Tuesday, September 4, 2012

SEPTEMBER- Healthy Aging Month

By Jennifer Waldrop, DVM DACVECC

What does “healthy aging” mean for your pet? Is it the same as for you? Basically, the answer is yes, with one glaring difference. Your pet cannot be trusted to tell you when something is starting to go wrong. Subtle warning signs of a problem may resemble age-related changes. For example, increased sleeping might be a headache or blurred vision. Difficulty rising could be arthritis, but could also be weakness related to low blood pressure, altered electrolytes, bone pain, or dizziness. We humans also tend to rationalize and “anthropomorphize” our pet’s issues, which can sadly delay diagnosis of many treatable diseases. Then it seems surprising when our pets are really sick and we hear of the degree or chronicity of the problem.

Given the rapidity of animal aging and their short life span, the only way to reliably monitor aging is by frequent visits to the veterinarian with an examination and geriatric lab work including a Complete Blood Count, Chemistry Panel and a Urinalysis. Chronic kidney disease is one of top three diseases of geriatric pets and kidney failure is only reliably diagnosed by checking a urine sample for concentrating ability (urine specific gravity.)  Ideally, this should be every six months for a dog over nine to 10 years (over seven years for Giant Breeds like Great Danes) and every year for cats over 10 years of age. For exotic pets, these recommendations will vary depending on the size and type of pet. This can become expensive and makes a good argument for pet insurance to cover some of the ongoing costs. When choosing a pet insurance, take care to check for geriatric exclusion clauses given that many pet insurance companies are also aware that aging pets require more care.

What else can we do to fend off some of the preventable changes of aging? Just as in humans, a healthy diet and exercise are crucial. Most commercial and many alternative diets are complete, but when in doubt, your veterinarian or a veterinary nutritionist will be able to consult on the appropriateness of the diet. Most “senior” diets do not have significant changes in ingredients or electrolytes that make them better than regular diets. Supplements like fish oil may have a place in treatment of canine osteoarthritis, but their role in prevention of other diseases such as heart disease or dementia is unknown. I still recommend them if there is no fish in the pet’s diet. There are instances when fish oil supplements are discouraged, specifically in some human cancers during chemotherapy.

Exercise of the body and mind are both important to provide your aging pet. Exercising with your dog has been found to improve health for the human in multiple research studies, and the reverse is likely true as well. The cardiovascular and muscular strength that moderate exercise provides is important to keep both healthy, but also serves as a reserve when you are sick. This reserve strength will improve recovery after accidents, surgery or other health issues. Outdoor exercise is also a mental boost for our dogs with input into all their senses. Time spent with their owner is also important for mental health, so part of a moderate exercise program should include an interactive component.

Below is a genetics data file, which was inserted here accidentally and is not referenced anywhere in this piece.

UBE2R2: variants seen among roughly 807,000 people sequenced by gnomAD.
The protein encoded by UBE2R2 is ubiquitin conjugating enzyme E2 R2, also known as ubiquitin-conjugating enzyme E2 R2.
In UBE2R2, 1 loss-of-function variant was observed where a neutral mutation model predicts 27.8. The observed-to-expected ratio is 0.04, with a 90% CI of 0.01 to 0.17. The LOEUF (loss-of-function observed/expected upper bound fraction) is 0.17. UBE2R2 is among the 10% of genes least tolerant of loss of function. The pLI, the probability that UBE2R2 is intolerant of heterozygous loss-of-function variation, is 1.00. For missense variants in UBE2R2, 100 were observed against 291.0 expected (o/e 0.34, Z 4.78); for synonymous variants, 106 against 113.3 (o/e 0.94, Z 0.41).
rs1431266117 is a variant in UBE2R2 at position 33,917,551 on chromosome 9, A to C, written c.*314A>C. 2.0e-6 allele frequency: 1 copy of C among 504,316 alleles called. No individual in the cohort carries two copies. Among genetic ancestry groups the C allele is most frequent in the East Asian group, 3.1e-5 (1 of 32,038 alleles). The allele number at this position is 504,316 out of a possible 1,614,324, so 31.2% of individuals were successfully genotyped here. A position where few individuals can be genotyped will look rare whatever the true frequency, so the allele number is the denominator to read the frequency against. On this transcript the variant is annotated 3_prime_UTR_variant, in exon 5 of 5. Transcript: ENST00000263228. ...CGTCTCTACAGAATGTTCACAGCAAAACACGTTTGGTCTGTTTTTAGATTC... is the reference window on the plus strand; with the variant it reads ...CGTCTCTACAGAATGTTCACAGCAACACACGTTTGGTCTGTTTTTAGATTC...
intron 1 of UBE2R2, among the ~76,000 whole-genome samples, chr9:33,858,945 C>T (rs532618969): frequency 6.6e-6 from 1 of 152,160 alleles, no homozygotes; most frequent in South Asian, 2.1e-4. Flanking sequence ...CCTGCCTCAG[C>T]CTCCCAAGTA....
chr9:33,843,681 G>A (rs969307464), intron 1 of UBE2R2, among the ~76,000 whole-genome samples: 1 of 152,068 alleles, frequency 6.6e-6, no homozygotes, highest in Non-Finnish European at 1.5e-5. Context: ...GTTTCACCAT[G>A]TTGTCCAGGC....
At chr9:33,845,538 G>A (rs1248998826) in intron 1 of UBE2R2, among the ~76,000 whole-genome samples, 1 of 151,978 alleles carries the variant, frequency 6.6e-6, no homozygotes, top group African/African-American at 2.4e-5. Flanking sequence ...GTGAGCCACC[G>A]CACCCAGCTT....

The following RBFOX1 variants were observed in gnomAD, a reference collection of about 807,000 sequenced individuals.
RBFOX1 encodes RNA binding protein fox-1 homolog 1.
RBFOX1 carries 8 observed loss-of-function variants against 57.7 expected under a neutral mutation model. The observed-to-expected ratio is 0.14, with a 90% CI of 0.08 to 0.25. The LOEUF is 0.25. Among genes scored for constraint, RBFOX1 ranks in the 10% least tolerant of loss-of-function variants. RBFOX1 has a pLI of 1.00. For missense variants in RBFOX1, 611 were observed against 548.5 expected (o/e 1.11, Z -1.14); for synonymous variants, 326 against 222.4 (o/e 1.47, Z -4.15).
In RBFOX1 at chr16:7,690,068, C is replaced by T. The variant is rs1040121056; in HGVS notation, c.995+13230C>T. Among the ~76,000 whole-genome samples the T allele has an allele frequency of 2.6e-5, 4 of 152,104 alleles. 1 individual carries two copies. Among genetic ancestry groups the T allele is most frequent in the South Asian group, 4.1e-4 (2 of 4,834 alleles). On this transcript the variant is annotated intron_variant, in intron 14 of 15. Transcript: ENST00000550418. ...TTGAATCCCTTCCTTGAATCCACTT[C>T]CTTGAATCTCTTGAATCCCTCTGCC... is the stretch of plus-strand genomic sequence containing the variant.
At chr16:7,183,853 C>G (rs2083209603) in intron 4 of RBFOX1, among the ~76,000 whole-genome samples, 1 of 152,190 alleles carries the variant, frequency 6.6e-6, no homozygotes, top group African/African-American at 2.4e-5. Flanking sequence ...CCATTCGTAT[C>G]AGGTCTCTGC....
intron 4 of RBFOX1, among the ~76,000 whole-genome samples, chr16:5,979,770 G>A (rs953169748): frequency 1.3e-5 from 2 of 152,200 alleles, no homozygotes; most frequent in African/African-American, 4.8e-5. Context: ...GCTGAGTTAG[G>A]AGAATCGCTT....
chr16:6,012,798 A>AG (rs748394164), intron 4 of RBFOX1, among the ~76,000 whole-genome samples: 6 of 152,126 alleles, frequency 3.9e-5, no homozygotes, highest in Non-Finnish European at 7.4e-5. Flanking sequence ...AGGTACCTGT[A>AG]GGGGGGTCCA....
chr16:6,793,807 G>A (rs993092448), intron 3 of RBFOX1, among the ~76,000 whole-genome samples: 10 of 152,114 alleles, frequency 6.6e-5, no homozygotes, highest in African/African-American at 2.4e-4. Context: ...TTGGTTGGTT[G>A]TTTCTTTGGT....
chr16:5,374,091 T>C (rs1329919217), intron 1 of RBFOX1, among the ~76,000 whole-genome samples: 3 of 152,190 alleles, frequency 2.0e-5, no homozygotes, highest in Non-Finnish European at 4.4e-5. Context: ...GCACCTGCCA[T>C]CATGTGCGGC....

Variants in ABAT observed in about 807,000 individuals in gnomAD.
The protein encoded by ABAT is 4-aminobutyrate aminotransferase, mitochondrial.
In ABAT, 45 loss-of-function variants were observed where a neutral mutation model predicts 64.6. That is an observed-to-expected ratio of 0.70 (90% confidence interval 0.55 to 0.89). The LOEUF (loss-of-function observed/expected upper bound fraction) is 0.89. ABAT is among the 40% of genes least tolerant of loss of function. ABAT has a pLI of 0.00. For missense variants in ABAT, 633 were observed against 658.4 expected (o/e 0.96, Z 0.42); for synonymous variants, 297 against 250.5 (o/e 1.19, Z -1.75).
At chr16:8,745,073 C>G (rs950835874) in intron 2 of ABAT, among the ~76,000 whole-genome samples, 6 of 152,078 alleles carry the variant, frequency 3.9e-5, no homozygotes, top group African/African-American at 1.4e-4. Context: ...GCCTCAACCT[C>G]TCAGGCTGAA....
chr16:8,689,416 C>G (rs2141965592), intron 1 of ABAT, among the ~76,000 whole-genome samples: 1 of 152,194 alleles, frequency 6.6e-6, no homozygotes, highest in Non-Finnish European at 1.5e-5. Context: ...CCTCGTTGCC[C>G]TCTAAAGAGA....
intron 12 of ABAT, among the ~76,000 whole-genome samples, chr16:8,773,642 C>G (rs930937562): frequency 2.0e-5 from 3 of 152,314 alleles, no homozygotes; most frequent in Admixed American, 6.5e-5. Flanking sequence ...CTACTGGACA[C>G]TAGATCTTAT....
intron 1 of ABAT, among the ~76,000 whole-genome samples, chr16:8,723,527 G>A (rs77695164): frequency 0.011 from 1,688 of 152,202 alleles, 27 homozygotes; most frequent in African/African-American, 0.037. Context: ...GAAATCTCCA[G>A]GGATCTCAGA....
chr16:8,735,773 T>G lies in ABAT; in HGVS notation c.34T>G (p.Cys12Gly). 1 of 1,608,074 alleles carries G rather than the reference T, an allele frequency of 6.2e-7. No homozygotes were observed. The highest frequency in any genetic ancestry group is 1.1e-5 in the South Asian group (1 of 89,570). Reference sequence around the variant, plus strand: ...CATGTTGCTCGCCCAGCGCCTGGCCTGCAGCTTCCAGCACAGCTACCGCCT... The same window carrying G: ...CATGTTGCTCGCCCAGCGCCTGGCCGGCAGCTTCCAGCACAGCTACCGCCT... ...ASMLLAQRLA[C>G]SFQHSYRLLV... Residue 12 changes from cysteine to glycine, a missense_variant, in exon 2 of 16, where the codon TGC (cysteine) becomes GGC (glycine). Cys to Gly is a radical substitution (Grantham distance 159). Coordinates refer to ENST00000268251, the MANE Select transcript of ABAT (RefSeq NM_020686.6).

Exercising a cat or exotic pet can be a little more difficult, to say the least, but is extremely important given the high rate of obesity in our pets. Cats may enjoy chasing a toy on a wand or chase toys or balled up socks, but sadly some cats are not interested in chasing. For these cats, a companion cat or dog may provide some impetus for moving around even if it’s just to get away from the other animal. (Conflict can provide good stimulation ;) A younger cat could keep the older cat more active both physically and cognitively. The same is likely true for birds and small mammals.

At home, grooming and petting your cat or dog provides both with the benefits of companionship. Having friends and relationships is as important for our pets as for us. Studies in humans have shown increased longevity and mental health for those people who actively continue human interaction and relationships. Sometimes a pet and their human can become isolated from the rest of the world and this is not healthy for either individual. One of the least judgmental places for dog owners is the dog park where dogs of all sizes, temperaments and interests congregate with their humans of the same variability. For indoor-only cats, frequent household visitors and companionship with other housecats should provide good stimulation.

The best part of living with a pet is having a good friend who lives every day to its fullest. We can follow their example while we age as well and continue to fully enjoy each moment.

Men do not quit playing because they grow old; they grow old because they quit playing.
~Oliver Wendell Holmes